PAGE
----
William McGonagall Poems

Poems » william mcgonagall

William McGonagall
William Topaz McGonagall (1825 – 29 September 1902) was a Scottish weaver, actor, and poet. He is comically renowned as one of the worst poets in the English language. Born in Edinburgh, of Irish parentage, McGonagall was working as a handloom weaver in Dundee, Scotland when an event occurred that was to change his life. As he was later to write: The most startling incident in my life was the time I discovered myself to be a poet, which was in the year 1877. It was with this that he wrote his first poem An Address to the Rev. George Gilfillan, which showed all the hallmarks that would characterise his later work. Rev. Gilfillan commented "Shakespeare never wrote anything like this." McGonagall has been widely acclaimed as the worst poet in British history.[1] The chief criticisms of his poetry are that he is deaf to poetic metaphor and unable to scan correctly. In the hands of lesser artists, this might simply generate dull, uninspiring verse. However, McGonagall's fame stems from the humorous effects these shortcomings generate. The inappropriate rhythms, weak vocabulary, and ill-advised imagery combine to make his work amongst the most spontaneously amusing (albeit unintentionally) comic poetry in the English language.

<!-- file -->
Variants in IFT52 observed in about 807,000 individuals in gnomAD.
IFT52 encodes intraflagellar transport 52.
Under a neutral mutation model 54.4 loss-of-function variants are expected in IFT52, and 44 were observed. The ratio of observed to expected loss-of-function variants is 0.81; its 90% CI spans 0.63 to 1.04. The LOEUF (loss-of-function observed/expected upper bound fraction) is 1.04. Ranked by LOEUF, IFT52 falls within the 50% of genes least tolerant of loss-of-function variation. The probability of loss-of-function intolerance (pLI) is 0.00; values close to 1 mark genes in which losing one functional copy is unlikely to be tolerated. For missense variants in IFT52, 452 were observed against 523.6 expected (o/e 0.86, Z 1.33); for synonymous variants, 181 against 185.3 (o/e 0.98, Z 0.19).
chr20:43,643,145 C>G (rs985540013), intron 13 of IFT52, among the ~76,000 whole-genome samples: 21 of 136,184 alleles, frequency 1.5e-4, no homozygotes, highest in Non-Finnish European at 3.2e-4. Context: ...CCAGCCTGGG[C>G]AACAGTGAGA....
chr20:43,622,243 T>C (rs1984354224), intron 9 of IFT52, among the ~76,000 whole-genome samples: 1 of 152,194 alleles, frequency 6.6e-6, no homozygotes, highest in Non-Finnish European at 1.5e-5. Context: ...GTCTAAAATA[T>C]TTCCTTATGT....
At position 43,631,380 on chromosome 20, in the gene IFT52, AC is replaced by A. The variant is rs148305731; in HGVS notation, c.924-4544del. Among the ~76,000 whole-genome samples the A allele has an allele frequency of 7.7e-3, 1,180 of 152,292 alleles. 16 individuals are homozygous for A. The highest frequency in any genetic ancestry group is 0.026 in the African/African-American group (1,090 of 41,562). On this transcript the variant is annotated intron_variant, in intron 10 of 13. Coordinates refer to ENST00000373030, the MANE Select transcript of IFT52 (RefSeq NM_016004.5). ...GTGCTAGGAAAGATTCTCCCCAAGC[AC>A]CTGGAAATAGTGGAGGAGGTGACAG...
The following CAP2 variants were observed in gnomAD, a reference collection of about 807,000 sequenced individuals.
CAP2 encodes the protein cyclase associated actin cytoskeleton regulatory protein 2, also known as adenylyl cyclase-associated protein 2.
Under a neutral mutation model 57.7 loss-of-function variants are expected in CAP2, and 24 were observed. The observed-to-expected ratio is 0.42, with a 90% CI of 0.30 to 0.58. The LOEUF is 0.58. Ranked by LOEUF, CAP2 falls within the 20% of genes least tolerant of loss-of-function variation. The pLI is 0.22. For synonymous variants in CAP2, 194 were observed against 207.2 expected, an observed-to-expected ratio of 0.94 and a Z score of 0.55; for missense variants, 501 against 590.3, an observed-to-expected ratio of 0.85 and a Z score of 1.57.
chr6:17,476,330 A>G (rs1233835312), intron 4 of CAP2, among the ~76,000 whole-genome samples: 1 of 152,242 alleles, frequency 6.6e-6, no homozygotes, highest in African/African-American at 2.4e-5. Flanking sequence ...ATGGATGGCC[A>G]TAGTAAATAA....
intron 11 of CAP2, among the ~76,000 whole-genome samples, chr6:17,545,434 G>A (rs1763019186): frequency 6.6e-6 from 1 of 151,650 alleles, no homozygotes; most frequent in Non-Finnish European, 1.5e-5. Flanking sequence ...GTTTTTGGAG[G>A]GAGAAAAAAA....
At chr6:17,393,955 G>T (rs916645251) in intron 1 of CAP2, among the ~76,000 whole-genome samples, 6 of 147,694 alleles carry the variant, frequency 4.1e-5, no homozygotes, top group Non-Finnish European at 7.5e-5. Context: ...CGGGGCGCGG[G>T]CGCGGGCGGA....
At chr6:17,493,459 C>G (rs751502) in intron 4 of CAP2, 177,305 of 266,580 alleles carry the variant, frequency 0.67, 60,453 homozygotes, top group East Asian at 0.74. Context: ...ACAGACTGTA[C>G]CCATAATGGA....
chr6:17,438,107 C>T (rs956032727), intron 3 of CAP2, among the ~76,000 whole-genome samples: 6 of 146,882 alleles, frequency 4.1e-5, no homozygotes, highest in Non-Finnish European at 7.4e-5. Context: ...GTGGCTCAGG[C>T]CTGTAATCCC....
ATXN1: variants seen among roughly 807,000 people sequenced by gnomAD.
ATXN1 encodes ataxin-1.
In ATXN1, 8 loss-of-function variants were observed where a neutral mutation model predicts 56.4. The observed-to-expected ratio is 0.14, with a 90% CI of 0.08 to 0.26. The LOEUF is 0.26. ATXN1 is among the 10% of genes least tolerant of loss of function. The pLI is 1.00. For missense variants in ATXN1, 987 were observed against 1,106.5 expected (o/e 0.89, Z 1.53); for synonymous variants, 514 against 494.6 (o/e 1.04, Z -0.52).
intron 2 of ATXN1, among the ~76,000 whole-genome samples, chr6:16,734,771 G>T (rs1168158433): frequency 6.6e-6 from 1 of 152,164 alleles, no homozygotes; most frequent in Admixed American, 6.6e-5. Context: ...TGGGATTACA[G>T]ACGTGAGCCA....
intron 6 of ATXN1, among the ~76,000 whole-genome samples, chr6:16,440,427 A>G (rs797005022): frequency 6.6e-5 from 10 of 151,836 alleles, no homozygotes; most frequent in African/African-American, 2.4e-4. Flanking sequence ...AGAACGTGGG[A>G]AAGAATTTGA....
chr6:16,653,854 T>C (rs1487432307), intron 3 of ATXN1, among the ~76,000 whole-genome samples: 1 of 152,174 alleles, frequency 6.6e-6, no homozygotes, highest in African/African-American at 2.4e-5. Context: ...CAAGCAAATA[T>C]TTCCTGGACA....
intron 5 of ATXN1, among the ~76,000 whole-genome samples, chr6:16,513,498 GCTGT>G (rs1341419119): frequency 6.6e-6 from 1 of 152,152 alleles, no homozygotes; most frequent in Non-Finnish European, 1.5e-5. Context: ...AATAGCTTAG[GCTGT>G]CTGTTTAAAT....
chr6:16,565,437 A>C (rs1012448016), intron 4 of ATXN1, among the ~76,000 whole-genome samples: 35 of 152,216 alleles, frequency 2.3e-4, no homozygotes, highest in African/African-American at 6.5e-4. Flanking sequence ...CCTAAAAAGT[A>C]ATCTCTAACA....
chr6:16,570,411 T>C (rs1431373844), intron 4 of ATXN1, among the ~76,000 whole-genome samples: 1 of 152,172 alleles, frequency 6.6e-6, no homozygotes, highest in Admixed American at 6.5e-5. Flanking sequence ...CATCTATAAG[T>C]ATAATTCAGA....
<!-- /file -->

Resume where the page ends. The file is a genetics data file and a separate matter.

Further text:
the battle of omdurman
Ye Sons of Great Britain! come join with me
And sing in praise of the gallant British Armie,... [read poem]
the tay bridge disaster
Beautiful Railway Bridge of the Silv'ry Tay!
Alas! I am very sorry to say
That ninety live... [read poem]
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